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The Brown Political Review is a non-partisan political publication that seeks to promote ideological diversity. All of the views reflected in BPR’s content are views held by authors and not reflective of the views held by the wider organization or the Executive Board.

Grappling with American Exceptionalism

Thomas Jefferson Memorial. By Djonesmhc, Wikimedia Commons. Creative Commons license.

I’m thankful for America. Does this mean I believe in American exceptionalism? It’s a question I’ve sometimes asked myself. For conservatives, American exceptionalism is a given, founded on America’s history of independence and freedom. For liberals, exceptionalism is often a dirty word that seeks to obscure America’s many sins and failings. Conservatives interpret this as a liberal disdain for America, when often it’s based on a progressive desire to correct our society’s faults.

If by American exceptionalism we mean America is better than the rest of the world, that’s a sentiment so vague and lacking in criteria as to have no meaning. If exceptionalism means our history is faultless, then the genocide of Native Americans that is an implicit part of this very holiday disprove that idea. But if exceptionalism means that America has unique and sometimes extraordinary aspects of its history and character, then there is truth to American exceptionalism.

America was different from most of the world at its inception because of the lack of a permanent aristocracy, which helped increase social mobility. Literacy was unusually high, at least among white men. Historians like Bernard Bailyn argue that pamphlets provided the ideological fuel for the American Revolution, which supports the idea that high literacy rates played a key role in the nation’s founding.

Bailyn’s disciple, Brown Professor Emeritus Gordon Wood (famously name-dropped by Will Hunting), argues that what sets America apart is that the nation was founded, and remains bound together, by a set of ideas. Most other nations have a deep well of history, myth, fairy tales, language, and other elements of culture that frequently become fodder for nationalism. America is young, and our founding myths are about real men espousing a set of beliefs and ideals.

The criticism of Professor Wood goes to the heart of the problem with American exceptionalism. Wood downplays class distinctions and emphasizes rhetoric – while the people spouting that rhetoric were all slave-owning white men. Early America may have been more socially mobile than other countries, but there’s always been a class system in America even without an aristocracy. Literacy rates were high, but only for white men. How can we even discuss the positive contributions of America without being drowned in the negatives?

Occasionally we need to step back and acknowledge some of the American traits that, when viewed alongside the arc of human history, are exceptional. Democracy, when it was adopted in the form of a republic by the Founding Fathers, was truly radical. There were doubts that democracy would succeed, but now it’s the ideal that many oppressed peoples strive for. Despite notable examples to the contrary, we live in an extraordinarily peaceful nation. The thousands of years of human history are full of routine violence at a level now unthinkable, at least inside this country. And our citizens have a remarkable respect for the rule of law. For example, one way to quantify tax evasion is to measure the “shadow economy” – economic activity that is legal but off the books. In Greece, that shadow economy is about 27.5 percent of GDP, while in supposedly anti-government, anti-tax America that number is only 9 percent.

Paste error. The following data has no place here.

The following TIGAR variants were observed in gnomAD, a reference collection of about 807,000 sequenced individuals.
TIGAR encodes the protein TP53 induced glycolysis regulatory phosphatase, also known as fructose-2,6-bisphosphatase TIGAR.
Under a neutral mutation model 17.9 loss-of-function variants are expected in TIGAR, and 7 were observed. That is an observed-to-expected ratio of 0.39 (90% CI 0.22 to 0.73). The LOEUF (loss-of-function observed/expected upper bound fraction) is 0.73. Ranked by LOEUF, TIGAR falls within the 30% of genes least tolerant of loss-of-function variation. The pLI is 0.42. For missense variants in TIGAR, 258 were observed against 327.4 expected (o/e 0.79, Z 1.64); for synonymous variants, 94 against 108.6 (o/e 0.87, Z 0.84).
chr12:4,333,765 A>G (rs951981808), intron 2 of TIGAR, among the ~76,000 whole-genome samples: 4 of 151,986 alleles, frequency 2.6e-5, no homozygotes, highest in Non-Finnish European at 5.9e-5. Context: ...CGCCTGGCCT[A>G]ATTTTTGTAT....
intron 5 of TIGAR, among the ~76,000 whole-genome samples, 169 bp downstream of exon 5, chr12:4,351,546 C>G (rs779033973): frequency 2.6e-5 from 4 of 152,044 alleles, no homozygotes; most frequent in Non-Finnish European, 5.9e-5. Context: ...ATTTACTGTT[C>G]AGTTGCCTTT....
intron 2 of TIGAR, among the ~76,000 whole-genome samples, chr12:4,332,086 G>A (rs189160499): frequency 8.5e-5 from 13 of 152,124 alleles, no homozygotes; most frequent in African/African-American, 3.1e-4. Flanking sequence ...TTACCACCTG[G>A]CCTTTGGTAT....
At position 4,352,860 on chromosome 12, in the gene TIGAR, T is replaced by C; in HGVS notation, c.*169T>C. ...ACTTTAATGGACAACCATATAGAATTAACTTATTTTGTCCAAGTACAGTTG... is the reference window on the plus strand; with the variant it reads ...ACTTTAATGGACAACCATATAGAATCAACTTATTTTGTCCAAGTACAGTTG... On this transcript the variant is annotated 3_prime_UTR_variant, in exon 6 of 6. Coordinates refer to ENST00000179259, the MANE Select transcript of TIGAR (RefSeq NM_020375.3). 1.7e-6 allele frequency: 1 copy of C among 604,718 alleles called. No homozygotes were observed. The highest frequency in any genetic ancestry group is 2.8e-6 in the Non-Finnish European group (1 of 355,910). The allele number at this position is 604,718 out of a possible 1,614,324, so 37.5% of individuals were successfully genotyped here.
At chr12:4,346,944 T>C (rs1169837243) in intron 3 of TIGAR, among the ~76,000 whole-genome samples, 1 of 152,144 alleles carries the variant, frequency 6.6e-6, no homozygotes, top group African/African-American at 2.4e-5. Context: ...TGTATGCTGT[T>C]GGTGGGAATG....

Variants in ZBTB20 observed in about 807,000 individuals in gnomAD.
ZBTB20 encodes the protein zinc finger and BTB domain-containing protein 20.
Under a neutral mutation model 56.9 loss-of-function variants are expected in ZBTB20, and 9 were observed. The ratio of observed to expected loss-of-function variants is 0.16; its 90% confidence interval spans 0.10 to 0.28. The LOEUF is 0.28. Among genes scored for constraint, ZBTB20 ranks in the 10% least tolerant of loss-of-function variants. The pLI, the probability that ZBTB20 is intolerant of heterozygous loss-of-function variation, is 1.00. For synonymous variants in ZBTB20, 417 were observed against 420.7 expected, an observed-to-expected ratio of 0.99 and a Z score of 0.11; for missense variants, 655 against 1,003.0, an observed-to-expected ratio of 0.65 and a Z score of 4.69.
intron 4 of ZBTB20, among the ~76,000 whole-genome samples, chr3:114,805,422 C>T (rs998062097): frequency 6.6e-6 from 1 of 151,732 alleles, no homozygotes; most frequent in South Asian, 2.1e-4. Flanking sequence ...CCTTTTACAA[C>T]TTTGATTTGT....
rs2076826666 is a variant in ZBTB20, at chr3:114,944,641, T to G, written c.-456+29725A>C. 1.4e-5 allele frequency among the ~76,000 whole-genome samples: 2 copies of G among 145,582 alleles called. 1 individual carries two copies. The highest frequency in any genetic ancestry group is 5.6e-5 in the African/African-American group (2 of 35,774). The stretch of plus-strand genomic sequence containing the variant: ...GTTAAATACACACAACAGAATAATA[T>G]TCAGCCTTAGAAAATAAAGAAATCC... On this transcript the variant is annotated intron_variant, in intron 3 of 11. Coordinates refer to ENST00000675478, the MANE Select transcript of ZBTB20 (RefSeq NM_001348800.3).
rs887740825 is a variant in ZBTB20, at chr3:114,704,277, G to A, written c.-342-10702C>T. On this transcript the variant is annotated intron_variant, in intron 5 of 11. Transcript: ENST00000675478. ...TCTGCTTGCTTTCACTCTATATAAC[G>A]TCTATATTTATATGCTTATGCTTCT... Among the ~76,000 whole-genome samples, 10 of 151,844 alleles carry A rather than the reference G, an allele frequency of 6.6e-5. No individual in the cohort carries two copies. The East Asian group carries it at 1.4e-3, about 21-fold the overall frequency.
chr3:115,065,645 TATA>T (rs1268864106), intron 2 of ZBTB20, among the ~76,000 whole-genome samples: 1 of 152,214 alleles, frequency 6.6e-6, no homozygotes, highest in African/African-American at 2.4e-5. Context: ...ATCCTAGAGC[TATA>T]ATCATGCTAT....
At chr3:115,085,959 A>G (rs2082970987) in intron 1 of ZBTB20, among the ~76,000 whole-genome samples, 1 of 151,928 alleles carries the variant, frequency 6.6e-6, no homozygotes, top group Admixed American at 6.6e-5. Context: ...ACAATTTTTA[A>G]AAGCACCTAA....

Critics will argue that these rosy statements overshadow so many faults with our country – the injection of corporate money in the democratic process, the violence the US inflicts on other nations with its military, and the unfair application of the law to minorities, to name a few. All these are important issues. But if we don’t stop, even for one moment, to reflect on what America has done right, we risk losing perspective and forgetting what core ideals we should be protecting and nurturing.

The greatest moment of America history may have been on March 4, 1801, when Thomas Jefferson took over the presidency from John Adams. Jefferson had won a bitter campaign that was decided in the House of Representatives when no candidate was able to gain a majority in the Electoral College. When Jefferson took office, power passed from the Federalist Party of Adams to the Democratic-Republican Party of Jefferson. Despite the rancor of the election and the messiness of the electoral process, there was no revolt or coup or bloodshed. Power transitioned peacefully. We take this for granted now, but changes in regime were often bloody affairs for much of world history. Maybe Thanksgiving isn’t the best time to emphasize these exceptional facets of American history and of the American character. But I think it’s as good a time as any. So doing my best to recognize my own privilege and this country’s many faults, I maintain that I’m thankful for America.

About the Author

Matt is a native Rhode Islander and a recent graduate of Brown with a bachelor's degree in history. After spending the last three years living in Boston and working at Harvard Law School, he returned to Brown to pursue a master's degree in public policy. When not inundated with schoolwork, Matt likes to relax with a Red Sox game, some Miles Davis, or a Sherlock Holmes mystery.

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